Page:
This is great news for President Assad
Egypt is the best thing to happen to Syria for a long time. Just when Western leaders – and Qatar – were hounding President Bashar al-Assad for his brutal suppression of opposition demonstrations, along comes the latest crisis in Egyptian cities where security men brutally suppress opposition demonstrators who want the army to obey the orders of a real democratic parliament and to stop posing as the “guardians” of a new constitution.
Of course, Syria is not Egypt, which, I suppose, accounts for the mouse-like silence of the Obamas, Clintons, Camerons, Sarkozys and the Emir of Qatar over events in Cairo.
This gives yet more time for Damascus to talk about democracy, reform, pluralistic politics and a new constitution while its army fights the armed insurgency that has spread from Homs – a city that is now the centre of a vicious sectarian war. Is it still possible, conceivably, that President Assad will use this tiny bottle of oxygen from Egypt to prove that he really – really – means what he says about democracy, pluralism, etc?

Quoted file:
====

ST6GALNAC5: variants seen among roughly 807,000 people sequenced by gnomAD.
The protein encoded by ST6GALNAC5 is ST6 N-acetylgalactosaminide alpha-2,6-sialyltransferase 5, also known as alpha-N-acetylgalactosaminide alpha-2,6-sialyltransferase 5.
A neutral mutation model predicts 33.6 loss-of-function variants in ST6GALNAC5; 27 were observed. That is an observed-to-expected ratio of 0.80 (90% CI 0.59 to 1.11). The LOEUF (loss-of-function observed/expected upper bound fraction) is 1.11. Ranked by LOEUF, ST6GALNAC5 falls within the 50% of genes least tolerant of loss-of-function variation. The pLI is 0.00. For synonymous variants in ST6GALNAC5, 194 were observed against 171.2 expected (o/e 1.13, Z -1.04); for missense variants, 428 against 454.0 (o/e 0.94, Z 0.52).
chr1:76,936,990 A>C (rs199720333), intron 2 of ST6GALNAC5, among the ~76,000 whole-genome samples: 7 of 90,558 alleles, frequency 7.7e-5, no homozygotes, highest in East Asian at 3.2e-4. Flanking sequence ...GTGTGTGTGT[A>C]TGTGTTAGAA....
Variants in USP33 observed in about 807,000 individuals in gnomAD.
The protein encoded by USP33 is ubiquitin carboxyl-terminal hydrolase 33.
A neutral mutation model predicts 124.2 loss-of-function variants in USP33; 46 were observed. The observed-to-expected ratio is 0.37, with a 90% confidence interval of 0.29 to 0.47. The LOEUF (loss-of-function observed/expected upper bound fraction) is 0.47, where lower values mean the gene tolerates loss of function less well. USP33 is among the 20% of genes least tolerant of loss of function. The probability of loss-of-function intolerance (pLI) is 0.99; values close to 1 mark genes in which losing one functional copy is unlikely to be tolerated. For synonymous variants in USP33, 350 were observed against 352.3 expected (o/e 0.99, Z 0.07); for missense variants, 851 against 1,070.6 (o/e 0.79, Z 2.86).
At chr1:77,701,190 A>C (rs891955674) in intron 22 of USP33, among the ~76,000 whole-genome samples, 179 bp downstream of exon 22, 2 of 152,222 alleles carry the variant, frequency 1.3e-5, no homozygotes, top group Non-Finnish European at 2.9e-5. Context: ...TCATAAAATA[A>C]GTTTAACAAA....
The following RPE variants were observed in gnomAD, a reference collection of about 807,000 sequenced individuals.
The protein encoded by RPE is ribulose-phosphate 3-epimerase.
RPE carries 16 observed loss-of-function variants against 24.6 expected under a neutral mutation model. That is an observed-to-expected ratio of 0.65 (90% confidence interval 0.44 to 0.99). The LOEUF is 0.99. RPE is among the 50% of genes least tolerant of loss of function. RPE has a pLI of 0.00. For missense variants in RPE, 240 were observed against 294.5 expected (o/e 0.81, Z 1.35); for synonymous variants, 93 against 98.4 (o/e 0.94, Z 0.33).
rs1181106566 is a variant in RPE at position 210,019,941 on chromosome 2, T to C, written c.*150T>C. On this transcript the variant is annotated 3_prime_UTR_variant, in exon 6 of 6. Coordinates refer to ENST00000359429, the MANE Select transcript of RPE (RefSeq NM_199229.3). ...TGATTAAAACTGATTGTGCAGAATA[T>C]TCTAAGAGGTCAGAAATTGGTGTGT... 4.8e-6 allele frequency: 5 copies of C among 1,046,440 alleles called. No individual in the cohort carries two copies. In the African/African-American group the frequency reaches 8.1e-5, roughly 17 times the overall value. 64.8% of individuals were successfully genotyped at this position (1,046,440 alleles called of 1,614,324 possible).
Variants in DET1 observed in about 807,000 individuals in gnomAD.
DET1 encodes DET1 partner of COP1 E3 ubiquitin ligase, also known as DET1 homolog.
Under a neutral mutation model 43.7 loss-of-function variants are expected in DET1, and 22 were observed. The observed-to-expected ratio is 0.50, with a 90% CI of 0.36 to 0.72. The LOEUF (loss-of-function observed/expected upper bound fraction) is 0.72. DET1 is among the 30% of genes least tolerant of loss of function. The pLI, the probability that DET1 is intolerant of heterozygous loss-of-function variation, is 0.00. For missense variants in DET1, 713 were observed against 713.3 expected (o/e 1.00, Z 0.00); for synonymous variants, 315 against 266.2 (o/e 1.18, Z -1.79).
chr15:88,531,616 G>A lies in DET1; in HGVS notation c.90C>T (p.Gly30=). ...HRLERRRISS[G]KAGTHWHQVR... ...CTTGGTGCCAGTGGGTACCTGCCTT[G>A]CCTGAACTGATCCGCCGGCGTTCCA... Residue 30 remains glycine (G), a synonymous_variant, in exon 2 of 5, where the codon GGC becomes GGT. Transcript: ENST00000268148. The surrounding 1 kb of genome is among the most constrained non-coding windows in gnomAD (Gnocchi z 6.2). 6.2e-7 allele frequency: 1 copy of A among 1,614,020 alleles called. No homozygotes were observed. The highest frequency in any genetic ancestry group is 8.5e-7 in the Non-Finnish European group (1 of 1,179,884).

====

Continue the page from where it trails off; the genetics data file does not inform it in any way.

Dr Faisal Mokdad, Assad’s Deputy Foreign Minister, is a believer. “Syria is changing and the old Syria will never come back,” he told me in the new Battlestar Galactica-style foreign ministry. “It will be a country free for the press. The ballot box will decide.” The Anglo-American invasion of Iraq set back early plans for reform, Dr Mokdad insists. I have my doubts about this, but take note of the minister’s conviction that Obama made the right decision in withdrawing from Iraq.
“Today, I heard that the number of young American soldiers killed in Iraq – quite apart from the huge civilian casualties – was 4,600. This is a question the American people should ask themselves. Saddam Hussein has gone – but was it worth $400bn? In Libya, I’m told the cost was 30,000 dead.” Needless to say, I had to turn to the little matter of civilian casualties in Syria and the UN’s claim that 3,500 had died. Was it worth it?